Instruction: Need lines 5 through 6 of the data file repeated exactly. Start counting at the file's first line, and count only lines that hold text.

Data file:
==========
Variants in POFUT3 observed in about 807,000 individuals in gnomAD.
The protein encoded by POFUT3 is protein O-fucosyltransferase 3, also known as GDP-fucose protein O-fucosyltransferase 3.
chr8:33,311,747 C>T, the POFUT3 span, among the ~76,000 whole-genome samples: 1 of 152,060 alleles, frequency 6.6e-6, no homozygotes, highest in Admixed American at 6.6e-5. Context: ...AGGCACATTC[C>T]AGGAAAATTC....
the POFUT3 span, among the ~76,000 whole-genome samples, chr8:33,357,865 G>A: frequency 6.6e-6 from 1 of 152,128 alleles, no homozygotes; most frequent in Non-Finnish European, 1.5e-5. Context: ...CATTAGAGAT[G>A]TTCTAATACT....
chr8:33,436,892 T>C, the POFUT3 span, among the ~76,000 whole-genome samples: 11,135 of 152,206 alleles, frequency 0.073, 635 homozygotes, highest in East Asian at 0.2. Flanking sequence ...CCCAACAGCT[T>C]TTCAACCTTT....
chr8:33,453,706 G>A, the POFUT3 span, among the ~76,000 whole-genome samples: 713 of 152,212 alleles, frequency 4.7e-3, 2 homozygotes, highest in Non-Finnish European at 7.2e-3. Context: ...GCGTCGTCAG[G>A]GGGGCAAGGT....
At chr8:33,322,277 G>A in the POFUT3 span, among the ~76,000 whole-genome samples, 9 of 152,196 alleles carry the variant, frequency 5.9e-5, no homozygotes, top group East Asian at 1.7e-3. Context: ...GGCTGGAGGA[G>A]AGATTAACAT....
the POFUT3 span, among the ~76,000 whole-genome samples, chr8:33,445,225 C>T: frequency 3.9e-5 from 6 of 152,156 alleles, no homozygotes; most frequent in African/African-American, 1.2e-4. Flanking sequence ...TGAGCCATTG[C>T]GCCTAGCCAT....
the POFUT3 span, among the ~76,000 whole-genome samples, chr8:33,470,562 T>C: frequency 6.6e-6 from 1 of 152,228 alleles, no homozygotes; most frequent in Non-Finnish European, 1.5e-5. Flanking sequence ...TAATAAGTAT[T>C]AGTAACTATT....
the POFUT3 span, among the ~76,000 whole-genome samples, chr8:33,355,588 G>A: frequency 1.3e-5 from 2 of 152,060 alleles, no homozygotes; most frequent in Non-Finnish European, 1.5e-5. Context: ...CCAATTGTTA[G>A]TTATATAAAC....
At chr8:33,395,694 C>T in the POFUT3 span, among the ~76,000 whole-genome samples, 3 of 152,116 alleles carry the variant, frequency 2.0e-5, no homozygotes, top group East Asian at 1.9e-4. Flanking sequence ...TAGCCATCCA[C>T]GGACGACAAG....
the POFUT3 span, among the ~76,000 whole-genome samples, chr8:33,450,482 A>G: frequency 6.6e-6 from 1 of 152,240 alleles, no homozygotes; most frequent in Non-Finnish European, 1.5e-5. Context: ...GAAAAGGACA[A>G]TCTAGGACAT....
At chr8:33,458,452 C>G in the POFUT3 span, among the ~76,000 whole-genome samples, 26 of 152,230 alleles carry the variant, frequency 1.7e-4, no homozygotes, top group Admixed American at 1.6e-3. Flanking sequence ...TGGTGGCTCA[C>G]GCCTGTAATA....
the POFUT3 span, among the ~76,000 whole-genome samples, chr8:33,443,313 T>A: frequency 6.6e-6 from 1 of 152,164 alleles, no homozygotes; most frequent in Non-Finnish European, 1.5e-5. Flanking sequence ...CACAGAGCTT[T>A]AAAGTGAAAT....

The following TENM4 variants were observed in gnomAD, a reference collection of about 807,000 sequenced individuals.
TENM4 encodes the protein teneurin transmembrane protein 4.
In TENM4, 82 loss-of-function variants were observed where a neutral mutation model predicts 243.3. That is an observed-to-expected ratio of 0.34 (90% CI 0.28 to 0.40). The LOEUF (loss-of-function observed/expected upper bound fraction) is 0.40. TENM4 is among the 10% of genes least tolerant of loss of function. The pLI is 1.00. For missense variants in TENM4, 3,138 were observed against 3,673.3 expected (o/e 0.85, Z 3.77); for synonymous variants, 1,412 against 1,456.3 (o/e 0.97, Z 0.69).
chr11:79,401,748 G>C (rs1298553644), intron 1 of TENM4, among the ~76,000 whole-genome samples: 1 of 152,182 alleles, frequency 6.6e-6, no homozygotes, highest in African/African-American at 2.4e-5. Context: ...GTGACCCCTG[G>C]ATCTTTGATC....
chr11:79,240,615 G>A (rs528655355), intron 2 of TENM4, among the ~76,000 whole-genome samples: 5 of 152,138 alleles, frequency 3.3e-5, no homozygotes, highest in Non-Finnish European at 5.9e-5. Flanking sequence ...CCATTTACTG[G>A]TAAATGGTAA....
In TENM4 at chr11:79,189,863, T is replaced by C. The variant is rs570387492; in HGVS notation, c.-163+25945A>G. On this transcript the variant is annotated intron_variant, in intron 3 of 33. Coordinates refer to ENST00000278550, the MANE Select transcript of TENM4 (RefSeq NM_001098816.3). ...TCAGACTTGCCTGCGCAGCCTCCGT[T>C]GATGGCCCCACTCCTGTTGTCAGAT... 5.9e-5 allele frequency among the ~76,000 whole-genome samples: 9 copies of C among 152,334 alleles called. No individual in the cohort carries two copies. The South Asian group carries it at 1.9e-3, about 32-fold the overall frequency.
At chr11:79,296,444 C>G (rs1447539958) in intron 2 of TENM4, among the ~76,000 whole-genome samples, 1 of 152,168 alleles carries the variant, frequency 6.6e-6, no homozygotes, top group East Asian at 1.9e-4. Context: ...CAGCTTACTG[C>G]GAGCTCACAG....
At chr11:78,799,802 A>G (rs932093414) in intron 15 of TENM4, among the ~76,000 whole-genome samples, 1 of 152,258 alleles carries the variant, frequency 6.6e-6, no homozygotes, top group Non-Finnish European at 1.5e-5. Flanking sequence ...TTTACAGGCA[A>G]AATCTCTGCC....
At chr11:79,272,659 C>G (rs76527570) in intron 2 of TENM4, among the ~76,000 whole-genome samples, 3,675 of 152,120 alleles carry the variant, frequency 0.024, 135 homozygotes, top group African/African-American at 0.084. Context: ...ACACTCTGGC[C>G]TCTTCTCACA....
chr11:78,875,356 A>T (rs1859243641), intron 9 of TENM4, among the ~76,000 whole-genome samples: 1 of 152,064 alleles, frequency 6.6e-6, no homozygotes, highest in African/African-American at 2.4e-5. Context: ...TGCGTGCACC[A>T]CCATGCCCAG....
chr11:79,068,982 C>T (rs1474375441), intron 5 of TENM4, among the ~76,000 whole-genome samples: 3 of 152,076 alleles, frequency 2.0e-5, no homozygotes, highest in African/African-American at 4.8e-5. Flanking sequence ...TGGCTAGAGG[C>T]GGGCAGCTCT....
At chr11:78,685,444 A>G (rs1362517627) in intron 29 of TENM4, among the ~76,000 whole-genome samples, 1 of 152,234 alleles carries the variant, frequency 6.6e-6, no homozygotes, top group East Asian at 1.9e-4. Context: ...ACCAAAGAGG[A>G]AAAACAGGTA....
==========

chr8:33,436,892 T>C, the POFUT3 span, among the ~76,000 whole-genome samples: 11,135 of 152,206 alleles, frequency 0.073, 635 homozygotes, highest in East Asian at 0.2. Flanking sequence ...CCCAACAGCT[T>C]TTCAACCTTT....
chr8:33,453,706 G>A, the POFUT3 span, among the ~76,000 whole-genome samples: 713 of 152,212 alleles, frequency 4.7e-3, 2 homozygotes, highest in Non-Finnish European at 7.2e-3. Context: ...GCGTCGTCAG[G>A]GGGGCAAGGT....